The Dowson days
Derek James remembers the Dowson School at Mile Cross, which educated thousands of Norwich children, as a new community grows up on the site where it stood.
Eighty-four years ago a new school opened in Norwich and the classrooms echoed to the excited voices of children with names like Sidney, Rita, Victor, Violet and Walter.
Now the school is gone, but the children who filed in on that first morning in December 1926 are being remembered – and invited to a celebration.
Dowson School, in Mile Cross, educated many thousands of Norwich children over its 80-year history.
But in 2008 a reorganisation of city schools meant it was no longer needed. The school was closed and its site, off Valpy Avenue, was sold.
You may also want to watch:
Now a new community is growing up.
Every one of the 47 affordable homes built for Broadland Housing Association is already occupied and on Friday a new community room will be opened.
- 1 Staff lose jobs at retailer Outfit with plans to close permanently
- 2 Londoners fined for travelling to stay at second home in Norfolk
- 3 'Extraordinary' outbreak of Covid in Norwich prison
- 4 Military personnel deployed to help N&N cope with Covid pressures
- 5 £250,000 of cannabis found in two cars on A11
- 6 Full list of Norwich Market stalls open or delivering during lockdown
- 7 'Village would be worse without it' - Owner on plans for 17th century pub
- 8 Boss locked out of own salon after Covid 'vigilantes' glue door shut
- 9 Met Office warns of snow at weekend
- 10 Norfolk wakes up to snow with more expected to fall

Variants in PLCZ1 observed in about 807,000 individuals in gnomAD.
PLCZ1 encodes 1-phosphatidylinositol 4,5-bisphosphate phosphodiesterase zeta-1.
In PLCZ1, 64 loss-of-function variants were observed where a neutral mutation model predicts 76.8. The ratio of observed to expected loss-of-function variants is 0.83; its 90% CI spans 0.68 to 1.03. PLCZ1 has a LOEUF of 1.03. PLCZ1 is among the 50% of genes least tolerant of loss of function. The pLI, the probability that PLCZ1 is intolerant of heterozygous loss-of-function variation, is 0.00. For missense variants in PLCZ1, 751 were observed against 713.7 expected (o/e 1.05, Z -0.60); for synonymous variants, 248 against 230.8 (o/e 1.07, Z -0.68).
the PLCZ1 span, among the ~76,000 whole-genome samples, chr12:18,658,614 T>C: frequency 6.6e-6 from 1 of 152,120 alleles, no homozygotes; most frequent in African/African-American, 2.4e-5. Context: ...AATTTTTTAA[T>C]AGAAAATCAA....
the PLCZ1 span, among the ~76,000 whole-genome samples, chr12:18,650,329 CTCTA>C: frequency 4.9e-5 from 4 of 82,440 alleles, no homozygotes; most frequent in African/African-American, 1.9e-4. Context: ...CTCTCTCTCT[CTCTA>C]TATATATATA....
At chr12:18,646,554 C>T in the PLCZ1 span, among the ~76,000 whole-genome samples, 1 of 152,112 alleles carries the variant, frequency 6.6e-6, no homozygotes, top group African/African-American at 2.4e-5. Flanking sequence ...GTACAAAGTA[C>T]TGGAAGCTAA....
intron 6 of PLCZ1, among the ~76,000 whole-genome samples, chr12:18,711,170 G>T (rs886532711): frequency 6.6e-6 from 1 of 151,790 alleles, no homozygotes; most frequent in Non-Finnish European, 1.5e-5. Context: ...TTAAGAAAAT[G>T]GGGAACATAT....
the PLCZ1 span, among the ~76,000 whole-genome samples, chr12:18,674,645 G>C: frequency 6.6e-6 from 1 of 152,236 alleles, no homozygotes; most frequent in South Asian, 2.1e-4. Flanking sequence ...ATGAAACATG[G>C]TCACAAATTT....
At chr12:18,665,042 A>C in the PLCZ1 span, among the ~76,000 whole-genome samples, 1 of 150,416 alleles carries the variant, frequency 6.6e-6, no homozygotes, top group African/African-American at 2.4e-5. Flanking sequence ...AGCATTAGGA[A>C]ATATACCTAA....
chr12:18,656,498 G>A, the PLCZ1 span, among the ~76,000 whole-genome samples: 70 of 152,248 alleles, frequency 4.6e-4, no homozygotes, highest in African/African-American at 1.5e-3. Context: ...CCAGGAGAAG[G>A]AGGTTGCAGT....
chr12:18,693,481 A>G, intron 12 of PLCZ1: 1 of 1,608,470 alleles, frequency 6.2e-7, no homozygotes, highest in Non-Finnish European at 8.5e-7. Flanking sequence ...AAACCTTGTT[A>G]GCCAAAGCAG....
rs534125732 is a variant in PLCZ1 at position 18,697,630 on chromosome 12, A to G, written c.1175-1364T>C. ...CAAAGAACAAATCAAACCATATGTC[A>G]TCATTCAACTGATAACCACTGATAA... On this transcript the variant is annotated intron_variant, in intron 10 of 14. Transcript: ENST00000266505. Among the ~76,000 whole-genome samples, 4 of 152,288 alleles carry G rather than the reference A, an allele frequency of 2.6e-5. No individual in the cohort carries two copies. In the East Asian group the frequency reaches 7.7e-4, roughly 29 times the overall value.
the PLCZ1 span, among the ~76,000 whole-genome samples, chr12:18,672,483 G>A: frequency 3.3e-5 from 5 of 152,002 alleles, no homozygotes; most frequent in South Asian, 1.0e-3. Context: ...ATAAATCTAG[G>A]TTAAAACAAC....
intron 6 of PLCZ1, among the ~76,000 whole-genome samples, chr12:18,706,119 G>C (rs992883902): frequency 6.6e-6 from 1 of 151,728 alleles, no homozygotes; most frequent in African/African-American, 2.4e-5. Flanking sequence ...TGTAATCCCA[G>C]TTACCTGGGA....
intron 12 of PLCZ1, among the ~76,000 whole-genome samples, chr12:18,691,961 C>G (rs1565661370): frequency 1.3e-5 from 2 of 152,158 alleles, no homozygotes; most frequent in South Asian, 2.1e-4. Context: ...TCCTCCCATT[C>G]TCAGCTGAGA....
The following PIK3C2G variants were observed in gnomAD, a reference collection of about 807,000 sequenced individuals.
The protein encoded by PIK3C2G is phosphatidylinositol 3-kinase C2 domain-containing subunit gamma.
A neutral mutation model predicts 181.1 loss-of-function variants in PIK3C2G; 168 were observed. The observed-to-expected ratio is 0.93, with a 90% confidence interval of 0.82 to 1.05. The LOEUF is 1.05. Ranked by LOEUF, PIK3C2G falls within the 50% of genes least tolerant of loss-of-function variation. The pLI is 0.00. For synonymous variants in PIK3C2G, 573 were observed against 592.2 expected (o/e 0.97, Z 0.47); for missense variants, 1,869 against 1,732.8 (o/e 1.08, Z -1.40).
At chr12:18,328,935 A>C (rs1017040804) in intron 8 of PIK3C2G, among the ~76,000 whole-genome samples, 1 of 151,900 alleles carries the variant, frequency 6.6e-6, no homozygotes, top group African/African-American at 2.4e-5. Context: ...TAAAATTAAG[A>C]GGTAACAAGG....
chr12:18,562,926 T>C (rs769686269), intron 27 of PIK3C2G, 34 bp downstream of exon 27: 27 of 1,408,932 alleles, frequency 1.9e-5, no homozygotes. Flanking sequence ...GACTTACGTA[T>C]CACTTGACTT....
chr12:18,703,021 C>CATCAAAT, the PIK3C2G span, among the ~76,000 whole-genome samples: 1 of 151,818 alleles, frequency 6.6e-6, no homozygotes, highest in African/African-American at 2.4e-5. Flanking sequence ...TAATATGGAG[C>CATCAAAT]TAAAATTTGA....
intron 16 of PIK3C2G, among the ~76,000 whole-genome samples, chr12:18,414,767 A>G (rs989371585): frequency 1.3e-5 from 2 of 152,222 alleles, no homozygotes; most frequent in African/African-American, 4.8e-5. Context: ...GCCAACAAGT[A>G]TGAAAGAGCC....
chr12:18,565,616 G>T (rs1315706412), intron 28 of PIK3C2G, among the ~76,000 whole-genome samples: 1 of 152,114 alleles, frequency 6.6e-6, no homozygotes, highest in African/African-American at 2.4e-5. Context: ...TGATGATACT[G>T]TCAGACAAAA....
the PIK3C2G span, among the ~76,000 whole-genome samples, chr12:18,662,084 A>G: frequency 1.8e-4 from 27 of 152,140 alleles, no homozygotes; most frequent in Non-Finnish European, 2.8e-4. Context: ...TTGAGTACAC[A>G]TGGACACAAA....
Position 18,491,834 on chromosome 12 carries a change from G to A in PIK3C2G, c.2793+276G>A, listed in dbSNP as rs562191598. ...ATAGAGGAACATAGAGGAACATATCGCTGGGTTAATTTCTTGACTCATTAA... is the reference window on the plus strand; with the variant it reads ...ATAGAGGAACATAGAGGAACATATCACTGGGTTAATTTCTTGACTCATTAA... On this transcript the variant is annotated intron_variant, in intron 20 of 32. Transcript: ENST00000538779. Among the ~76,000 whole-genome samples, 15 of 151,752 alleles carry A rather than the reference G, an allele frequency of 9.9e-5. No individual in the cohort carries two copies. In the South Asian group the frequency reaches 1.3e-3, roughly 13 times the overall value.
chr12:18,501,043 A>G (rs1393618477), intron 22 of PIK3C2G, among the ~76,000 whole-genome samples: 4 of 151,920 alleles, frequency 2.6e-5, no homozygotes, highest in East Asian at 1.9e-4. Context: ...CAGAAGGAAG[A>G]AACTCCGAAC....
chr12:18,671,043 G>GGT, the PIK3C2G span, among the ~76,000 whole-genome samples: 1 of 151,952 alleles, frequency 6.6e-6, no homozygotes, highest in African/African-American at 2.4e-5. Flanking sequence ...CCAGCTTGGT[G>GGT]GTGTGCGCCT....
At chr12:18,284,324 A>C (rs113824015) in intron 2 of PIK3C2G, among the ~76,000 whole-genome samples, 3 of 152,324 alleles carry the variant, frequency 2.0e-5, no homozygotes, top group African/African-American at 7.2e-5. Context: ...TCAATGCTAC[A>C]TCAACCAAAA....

Carved into the bricks which make up its walls are the names of all 153 children who were the first Dowson girls and boys back in 1926. The name Dowson comes from a Norwich solicitor and educational philanthropist, John Dowson and the school's first register was discovered at the start of demolition work in 2009.
Dated December 6, 1926, it lists the names of all the children registered at the school when it first opened.
The pupils include nine Georges, five Jacks, four Sidneys, two Sydneys, four Irenes, four Ednas, three Donalds, three Doreens, and three Leslies.
Those pioneers of Mile Cross education, who probably lived in the new houses being built right across the area as part of the first social housing project outside London, will be in their late 80s or their 90s – if they still survive. Some might have perished in the war, which also damaged the school so badly it had to be rebuilt in 1945. Others might still have fond memories of their schooldays.
But, as the children who began the history of Dowson School, they are also part of the start of a new era for the site. It has been developed by Broadland Housing Association and its 47 properties include flats, wheelchair accessible bungalows and solar heated houses – and the community room where the names of all the children in the 1926 register have been carved into bricks.
The community room will be opened this Friday, December 17, and Broadland Housing Association is inviting anyone connected with Dowson School over the years to attend. It is particularly keen to welcome anyone who is on that 1926 register.
Guests will be able to find 'their' brick and share reminiscences about their schooldays – as well as look forward to a new lease of life for the site. As well as speeches, refreshments and a ribbon-cutting ceremony there will be an exhibition of archive photographs.
The housing association is also keen to continue the site's links with local children and plans to host activities for youngsters in the community room.
If you, or your parents or grandparents, were part of that first December day at Dowson, back in 1926, and would like to attend, or find out more about the community room commemoration, you can contact Broadland Housing Association by calling 0303 303 0003 or emailing firstname.lastname@example.org
And I'd love to see a picture of the those Mile Cross children from the 1920s. Do contact me if you have a class photograph from the early days of the school - or any pictures of the school and its pupils or teachers over its 80-year history.